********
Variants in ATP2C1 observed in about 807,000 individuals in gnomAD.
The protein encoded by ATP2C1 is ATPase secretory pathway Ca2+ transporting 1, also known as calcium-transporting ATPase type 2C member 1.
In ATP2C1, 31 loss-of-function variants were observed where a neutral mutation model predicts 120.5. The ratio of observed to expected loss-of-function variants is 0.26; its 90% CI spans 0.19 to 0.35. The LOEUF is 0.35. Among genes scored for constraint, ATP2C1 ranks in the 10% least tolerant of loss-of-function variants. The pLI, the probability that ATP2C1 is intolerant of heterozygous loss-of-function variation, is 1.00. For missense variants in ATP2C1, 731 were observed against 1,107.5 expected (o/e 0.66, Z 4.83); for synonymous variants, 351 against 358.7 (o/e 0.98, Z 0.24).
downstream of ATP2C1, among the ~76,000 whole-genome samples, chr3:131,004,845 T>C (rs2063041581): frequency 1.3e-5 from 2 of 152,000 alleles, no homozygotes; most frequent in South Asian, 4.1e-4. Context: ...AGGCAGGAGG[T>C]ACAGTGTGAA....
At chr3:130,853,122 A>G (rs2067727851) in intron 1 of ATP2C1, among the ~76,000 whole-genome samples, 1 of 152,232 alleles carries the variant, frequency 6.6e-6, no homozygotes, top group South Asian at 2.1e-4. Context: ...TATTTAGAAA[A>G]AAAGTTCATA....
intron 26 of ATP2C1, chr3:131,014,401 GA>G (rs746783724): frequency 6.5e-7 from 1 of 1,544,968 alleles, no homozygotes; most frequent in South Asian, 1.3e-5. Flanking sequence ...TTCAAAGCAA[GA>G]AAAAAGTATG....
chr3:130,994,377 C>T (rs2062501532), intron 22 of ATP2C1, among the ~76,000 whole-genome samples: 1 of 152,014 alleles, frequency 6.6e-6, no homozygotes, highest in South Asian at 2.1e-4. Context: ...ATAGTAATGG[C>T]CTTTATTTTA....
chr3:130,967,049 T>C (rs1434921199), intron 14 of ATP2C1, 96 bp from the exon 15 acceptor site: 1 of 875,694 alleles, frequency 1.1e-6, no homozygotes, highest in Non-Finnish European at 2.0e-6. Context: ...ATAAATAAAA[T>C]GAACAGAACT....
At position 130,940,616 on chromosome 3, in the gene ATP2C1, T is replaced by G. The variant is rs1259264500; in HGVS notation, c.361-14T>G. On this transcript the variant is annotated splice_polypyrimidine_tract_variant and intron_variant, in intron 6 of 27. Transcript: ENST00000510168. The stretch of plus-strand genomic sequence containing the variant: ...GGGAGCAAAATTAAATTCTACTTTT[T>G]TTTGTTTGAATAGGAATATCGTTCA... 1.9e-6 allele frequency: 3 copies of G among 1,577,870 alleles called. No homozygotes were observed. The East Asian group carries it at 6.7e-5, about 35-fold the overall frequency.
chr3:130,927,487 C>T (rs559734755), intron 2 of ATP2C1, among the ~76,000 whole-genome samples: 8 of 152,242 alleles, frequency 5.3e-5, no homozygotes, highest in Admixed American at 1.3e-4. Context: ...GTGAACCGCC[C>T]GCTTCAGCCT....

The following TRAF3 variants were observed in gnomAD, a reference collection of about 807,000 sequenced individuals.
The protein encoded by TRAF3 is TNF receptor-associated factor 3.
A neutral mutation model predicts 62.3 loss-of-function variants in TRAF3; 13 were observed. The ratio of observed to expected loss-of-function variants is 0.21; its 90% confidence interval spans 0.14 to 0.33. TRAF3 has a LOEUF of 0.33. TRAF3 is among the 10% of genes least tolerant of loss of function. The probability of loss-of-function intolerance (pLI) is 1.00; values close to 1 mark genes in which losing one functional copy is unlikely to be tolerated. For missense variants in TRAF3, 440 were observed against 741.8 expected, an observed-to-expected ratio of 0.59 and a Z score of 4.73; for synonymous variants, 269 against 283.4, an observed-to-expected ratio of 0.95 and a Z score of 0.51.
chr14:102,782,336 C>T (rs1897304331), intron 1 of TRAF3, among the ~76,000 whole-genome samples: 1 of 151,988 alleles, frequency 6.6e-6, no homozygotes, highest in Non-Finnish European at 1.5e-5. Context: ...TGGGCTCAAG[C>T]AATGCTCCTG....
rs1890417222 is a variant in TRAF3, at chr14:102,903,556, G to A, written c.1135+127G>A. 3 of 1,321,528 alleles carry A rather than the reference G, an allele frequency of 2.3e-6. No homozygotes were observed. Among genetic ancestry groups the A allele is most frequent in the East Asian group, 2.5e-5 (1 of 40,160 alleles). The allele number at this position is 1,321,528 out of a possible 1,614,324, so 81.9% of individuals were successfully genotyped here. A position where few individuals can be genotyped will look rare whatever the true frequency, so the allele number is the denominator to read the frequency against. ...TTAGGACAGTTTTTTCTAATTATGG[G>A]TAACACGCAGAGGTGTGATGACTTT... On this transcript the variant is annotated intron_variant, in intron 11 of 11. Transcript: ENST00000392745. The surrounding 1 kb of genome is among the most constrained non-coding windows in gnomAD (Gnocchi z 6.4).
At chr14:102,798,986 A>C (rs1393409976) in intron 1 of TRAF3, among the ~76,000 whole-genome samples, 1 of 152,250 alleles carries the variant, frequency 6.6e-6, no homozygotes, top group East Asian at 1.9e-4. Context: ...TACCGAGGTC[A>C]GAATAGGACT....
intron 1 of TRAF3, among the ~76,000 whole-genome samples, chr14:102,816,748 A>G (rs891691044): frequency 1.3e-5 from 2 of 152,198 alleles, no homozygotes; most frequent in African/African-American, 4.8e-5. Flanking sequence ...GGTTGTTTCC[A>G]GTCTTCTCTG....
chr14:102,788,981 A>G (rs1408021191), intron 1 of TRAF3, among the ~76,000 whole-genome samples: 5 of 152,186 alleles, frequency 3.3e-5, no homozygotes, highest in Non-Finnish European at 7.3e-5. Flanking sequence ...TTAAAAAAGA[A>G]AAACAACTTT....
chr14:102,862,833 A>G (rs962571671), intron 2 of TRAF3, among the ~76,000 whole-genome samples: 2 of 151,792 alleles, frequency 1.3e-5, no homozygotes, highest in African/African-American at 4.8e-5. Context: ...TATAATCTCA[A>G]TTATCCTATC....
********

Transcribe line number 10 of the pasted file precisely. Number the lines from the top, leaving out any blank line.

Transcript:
chr3:130,927,487 C>T (rs559734755), intron 2 of ATP2C1, among the ~76,000 whole-genome samples: 8 of 152,242 alleles, frequency 5.3e-5, no homozygotes, highest in Admixed American at 1.3e-4. Context: ...GTGAACCGCC[C>T]GCTTCAGCCT....